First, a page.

Four diphtheria fatalities in KZN

2015-06-25 06:00

FOUR deaths from diphtheria have been confirmed by the Department of Health over the past three months.

Three cases have been reported on the South Coast, with the most recent being two adults in Gamalakhe CHC.

The department said the first person with diphtheria was hospitalised on 15 March. The tracing of possible cases started immediately and was extended to the affected schools. The vaccination of all children who missed their booster doses of Tetanus-diphtheria vaccine at six and 12 started immediately.

It has been stated that the outbreak is limited to Ugu District and eThekwini, targeting children between six and 15, who missed their booster doses. However, routine immunisation continues in schools and clinics.

The department urges parents to take their children to the clinic for immunisation, even those who missed their booster doses.

MEC for Health Dr Sibongiseni Dhlomo has allayed public fears following reports about the death of a child with diphtheria and the admission into hospital of two others suspected of being infected with the disease.

In reaction to the reports, Dhlomo said: “I don’t want us to press the panic button as if we have an outbreak of diphtheria. I’m saying this because when we followed the cases of the children who have been admitted, we found that one of them does not have a ‘road to health chart’, which means we cannot ascertain when last this child was immunised. The second child who demised at eight years of age was last immunised at 14 weeks. Now this is probably due to absent mothers.

“Diphtheria is a preventable disease, and we call upon our compatriots to make sure they adhere to the vaccination schedules we have for them.”

According to the department, diphtheria is caused by the bacterium Corynebacterium diphtheriae. This germ produces a toxin that can harm or destroy human body tissues and organs. One type of diphtheria affects the throat and sometimes the tonsils. Another type, more common in the tropics, causes ulcers on the skin. Diphtheria affects people of all ages, but most often it strikes children who are not immunised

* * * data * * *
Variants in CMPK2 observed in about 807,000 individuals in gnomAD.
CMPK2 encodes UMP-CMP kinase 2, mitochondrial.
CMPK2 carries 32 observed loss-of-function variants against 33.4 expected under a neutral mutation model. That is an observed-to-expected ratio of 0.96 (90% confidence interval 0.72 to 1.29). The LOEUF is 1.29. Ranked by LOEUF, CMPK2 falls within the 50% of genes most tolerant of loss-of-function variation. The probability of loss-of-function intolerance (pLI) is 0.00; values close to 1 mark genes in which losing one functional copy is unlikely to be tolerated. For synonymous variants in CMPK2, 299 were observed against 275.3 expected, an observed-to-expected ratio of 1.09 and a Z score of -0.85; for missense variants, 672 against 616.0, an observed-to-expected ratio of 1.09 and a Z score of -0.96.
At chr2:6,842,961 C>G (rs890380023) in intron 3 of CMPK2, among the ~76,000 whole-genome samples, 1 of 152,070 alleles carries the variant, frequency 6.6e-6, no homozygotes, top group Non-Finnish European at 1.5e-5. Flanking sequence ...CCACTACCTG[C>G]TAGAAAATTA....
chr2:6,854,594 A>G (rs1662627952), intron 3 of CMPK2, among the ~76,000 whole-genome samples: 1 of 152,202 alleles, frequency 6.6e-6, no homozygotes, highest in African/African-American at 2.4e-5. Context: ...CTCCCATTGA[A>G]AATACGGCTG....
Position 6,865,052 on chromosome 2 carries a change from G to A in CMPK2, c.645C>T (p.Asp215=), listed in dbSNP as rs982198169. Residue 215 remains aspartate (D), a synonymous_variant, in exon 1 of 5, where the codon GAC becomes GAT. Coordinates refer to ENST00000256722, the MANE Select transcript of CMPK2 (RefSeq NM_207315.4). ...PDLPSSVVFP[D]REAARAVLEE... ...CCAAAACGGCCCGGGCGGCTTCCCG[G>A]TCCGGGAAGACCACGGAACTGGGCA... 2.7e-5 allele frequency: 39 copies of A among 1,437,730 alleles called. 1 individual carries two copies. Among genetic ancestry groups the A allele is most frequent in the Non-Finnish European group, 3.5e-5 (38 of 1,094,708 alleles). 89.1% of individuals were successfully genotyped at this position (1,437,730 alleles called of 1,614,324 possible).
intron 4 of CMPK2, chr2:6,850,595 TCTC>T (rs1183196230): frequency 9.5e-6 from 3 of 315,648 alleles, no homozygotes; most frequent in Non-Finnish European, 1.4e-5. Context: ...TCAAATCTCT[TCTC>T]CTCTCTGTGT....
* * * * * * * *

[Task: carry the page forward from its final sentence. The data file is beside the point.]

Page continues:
Join the conversation!

24.com encourages commentary submitted via MyNews24. Contributions of 200 words or more will be considered for publication.

We reserve editorial discretion to decide what will be published.
Read our comments policy for guidelines on contributions.

24.com publishes all comments posted on articles provided that they adhere to our Comments Policy. Should you wish to report a comment for editorial review, please do so by clicking the 'Report Comment' button to the right of each comment.

Comment on this story
0 comments
Comments have been closed for this article.

Inside News24

 
PARTNER CONTENT
INFOGRAPHIC: New thinking required for retirement

Everything we believe about retirement is fast becoming outdated.

PARTNER CONTENT
WATCH: How education can change a life

A university education gives students the chance to create a better future for themselves, their families and to opportunity achieve their dreams.

/News

Book flights

Compare, Book, Fly

Traffic Alerts
Traffic
There are new stories on the homepage. Click here to see them.
 
English
Afrikaans
isiZulu

Hello 

Create Profile

Creating your profile will enable you to submit photos and stories to get published on News24.


Please provide a username for your profile page:

This username must be unique, cannot be edited and will be used in the URL to your profile page across the entire 24.com network.

Settings

Location Settings

News24 allows you to edit the display of certain components based on a location. If you wish to personalise the page based on your preferences, please select a location for each component and click "Submit" in order for the changes to take affect.




Facebook Sign-In

Hi News addict,

Join the News24 Community to be involved in breaking the news.

Log in with Facebook to comment and personalise news, weather and listings.